This was a very nice place and we can recommend it as a good option for a post-climb reward. It is off the grid, with no phone/internet, and only generator electricity until 8:30 PM this night. But there are warm wood-burning stoves in the clean and comfortable rooms, and hot water for showers. We were able to order meals, too, and an hour after arriving we had some tasty homemade salads, burritos and beans.

Thursday, November 20

Today we drove back to the USA. Our drive north on Mexico Highway 1 was made quite slow by many parades marking ”Revolution Day”, a major national holiday. In the towns of Colonet, San Vincente, and Maneadero we had to take slow dirt road detours around the blocked-off highway.

General Notes:

The GPX track here shows our summit day and hike out. Our hike to camp is part of my Blue Bottle GPX track. GPS does not always work well in the brush and deep canyons on this peak.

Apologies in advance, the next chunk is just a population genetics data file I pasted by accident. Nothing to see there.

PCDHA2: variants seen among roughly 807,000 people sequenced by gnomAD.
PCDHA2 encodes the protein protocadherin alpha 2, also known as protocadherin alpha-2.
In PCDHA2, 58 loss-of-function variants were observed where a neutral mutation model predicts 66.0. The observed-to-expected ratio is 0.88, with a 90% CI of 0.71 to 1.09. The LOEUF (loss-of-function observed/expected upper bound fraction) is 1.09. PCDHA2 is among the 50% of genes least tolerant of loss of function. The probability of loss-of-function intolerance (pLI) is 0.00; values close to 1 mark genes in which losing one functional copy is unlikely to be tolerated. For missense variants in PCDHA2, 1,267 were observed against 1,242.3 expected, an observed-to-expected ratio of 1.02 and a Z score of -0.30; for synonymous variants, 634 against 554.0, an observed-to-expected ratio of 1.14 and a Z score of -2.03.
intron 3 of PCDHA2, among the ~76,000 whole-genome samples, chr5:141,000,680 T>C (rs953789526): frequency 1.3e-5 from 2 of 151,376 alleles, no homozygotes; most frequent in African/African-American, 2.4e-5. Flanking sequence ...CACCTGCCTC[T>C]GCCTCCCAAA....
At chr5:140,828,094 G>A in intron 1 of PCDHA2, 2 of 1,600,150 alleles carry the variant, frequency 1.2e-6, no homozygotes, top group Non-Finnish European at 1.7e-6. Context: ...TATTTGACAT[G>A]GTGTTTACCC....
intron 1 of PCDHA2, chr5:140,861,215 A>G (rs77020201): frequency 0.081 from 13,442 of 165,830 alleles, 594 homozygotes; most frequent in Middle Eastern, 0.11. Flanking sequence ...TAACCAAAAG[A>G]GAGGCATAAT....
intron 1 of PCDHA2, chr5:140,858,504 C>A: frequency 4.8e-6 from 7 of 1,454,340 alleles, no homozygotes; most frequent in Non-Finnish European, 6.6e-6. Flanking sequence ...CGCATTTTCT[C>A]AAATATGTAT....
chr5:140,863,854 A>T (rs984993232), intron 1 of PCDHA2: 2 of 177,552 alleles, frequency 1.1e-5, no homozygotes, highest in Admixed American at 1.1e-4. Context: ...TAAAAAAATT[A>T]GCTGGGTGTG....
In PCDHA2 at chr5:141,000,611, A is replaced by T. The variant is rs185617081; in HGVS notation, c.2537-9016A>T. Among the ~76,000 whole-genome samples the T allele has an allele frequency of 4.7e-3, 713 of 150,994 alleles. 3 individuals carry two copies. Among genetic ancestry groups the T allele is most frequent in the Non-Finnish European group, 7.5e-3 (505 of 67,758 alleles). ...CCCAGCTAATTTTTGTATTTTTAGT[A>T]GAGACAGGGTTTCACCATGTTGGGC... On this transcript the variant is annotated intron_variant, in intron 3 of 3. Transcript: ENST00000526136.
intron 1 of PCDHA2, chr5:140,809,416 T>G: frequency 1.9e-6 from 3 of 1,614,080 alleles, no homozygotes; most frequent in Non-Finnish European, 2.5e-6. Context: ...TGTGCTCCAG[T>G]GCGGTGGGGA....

Don’t underestimate this peak. If you have not done much rugged scrambling, you should definitely log some serious backcountry miles before trying this one. The route only gets to class 4 maybe once or twice, but the rest of it is almost always rugged class 3. You will fight for every vertical and horizontal foot gained. Good conditioning is a must.

Most parties will need 5 days from Southern California for this peak. A day to drive there, a day to Campo Noche, summit day, a day back to the car, and a day back to the USA. Unless you are a super-fit and experienced hiker and are doing this in late spring with more daylight, it is not really practical to combine any of these days any other way.

The record for this route is apparently 14 hours by Bob Burd. We took 22 hours total hiking, excluding summit rest. Heather, a record-setting through hiker, could have probably done it in under 20 hours. If you are a similar super-hiker, you might be able to combine the approach day and summit day, using the longer daylight hours of May.

November worked for us, with cool temperatures, no bugs, and no one else on the entire mountain. The main drawback was limited daylight hours.